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Winter-ready maintenance tips

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Winter-ready maintenance tips

The Outdoor Power Equipment Institute (OPEI) is an international trade association that represents power equipment, small engine, utility vehicle, golf cart and personal transport vehicle manufacturers and suppliers. OPEI offers maintenance tips for preparing for upcoming seasonal changes.

“Doing good maintenance in the fall means that your lawn mower will be in ready when spring arrives and you are eager to tackle landscaping projects,” said Kris Kiser, President and CEO of OPEI. “As you get ready for winter, now is also the time to do snow thrower and generator maintenance. You should also review safe handling procedures, so you know how to use your equipment and are ready when snow falls.”

  1. Re-familiarize yourself with how to handle your equipment safely, along with any maintenance needs. If you lost your manual, you can usually find it online. Save a copy so that you can consult it when needed.
  2. Before storing equipment that you won’t need during the winter months, clean and service it yourself or take it to a small engine repair shop. Drain and change engine oil, then safely dispose of old oil. Service the air filter, and do other maintenance activities as directed by your service manual. Check all winter equipment to see what maintenance and repairs are required.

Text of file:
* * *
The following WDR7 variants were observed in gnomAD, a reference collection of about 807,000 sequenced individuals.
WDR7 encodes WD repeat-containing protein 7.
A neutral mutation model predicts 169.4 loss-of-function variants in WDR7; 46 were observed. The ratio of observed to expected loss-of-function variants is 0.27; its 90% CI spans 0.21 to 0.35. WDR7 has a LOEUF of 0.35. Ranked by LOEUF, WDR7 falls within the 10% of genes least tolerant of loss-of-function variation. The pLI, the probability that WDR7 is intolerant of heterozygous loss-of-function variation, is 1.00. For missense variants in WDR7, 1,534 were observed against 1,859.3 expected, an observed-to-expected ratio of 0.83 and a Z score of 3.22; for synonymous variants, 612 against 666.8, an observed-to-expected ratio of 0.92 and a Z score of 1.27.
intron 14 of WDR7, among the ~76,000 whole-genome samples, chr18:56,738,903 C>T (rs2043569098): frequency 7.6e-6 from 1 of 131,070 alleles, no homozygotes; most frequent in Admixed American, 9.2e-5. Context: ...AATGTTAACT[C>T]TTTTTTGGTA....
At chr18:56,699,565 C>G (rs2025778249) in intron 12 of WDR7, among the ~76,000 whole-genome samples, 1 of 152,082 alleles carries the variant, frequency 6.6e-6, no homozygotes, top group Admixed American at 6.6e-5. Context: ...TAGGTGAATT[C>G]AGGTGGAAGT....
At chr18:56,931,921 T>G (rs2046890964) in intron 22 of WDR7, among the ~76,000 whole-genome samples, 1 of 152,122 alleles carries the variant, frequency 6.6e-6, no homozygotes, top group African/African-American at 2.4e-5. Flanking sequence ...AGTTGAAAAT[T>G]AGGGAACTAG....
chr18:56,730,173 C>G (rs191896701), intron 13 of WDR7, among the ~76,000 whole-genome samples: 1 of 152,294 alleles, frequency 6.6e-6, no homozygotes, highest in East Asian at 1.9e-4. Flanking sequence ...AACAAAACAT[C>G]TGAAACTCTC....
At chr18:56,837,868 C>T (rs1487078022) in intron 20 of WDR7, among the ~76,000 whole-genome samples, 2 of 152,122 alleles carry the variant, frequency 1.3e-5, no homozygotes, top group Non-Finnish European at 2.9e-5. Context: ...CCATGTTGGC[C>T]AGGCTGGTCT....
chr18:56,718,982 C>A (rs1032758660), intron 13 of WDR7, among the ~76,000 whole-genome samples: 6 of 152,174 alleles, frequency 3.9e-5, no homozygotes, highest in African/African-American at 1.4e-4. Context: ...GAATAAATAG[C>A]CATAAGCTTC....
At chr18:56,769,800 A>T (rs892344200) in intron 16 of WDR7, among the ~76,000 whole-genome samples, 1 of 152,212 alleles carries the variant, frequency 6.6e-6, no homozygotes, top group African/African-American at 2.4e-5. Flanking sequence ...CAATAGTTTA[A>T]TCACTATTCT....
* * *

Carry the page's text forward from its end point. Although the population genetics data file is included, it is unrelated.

3. Handle fuel properly. Unused gas that’s left in gas tanks over the winter can go stale. It can even damage your equipment. Before you store your equipment, add a fuel stabilizer to the gas tank, and then run the equipment to distribute it. Turn the engine off, allow the machine to cool, then restart and run until the gas tank is empty. For winter equipment, be sure that you use the fuel that your manufacturer recommends. Most outdoor power equipment is designed, built and warranted to run on 10 per cent, or less, ethanol fuel.
  4. If your equipment has a battery, remove and fully charge it before storing. It’s important that batteries are not stored on metal shelves or touching metal objects. Store the battery on a plastic, or wood, shelf in a climate-controlled structure.
  5. Store your spring and summer equipment in a clean and dry place, such as a garage, barn or shed. Winter equipment should be kept away from the elements, but be easily accessible for use when needed. Always keep your outdoor power equipment out of the reach of children and pets.
  6. Clear the paths the are regularly used in your yard, especially during the winter months, and put away warm weather items. Clear space in your garage and basement (before the weather changes), so that you have room to store larger yard items, like patio furniture, umbrellas and summer toys.
  7. Familiarize yourself with your winter equipment and make sure that you know how to turn the machine on and off the machine, along with safe handling procedures.
  8. Buy the type of fuel that is recommended by the manufacturer no more than 30 days before required. You should use fuel with no more than 10 per cent ethanol in outdoor power equipment. Also, fuel goes stale and will need to be replaced if you have not used it within a month. Use a fuel stabilizer, if recommended by your manufacturer.
  9. Keep heavy duty, weatherproof extension cords on hand for your generator.

 

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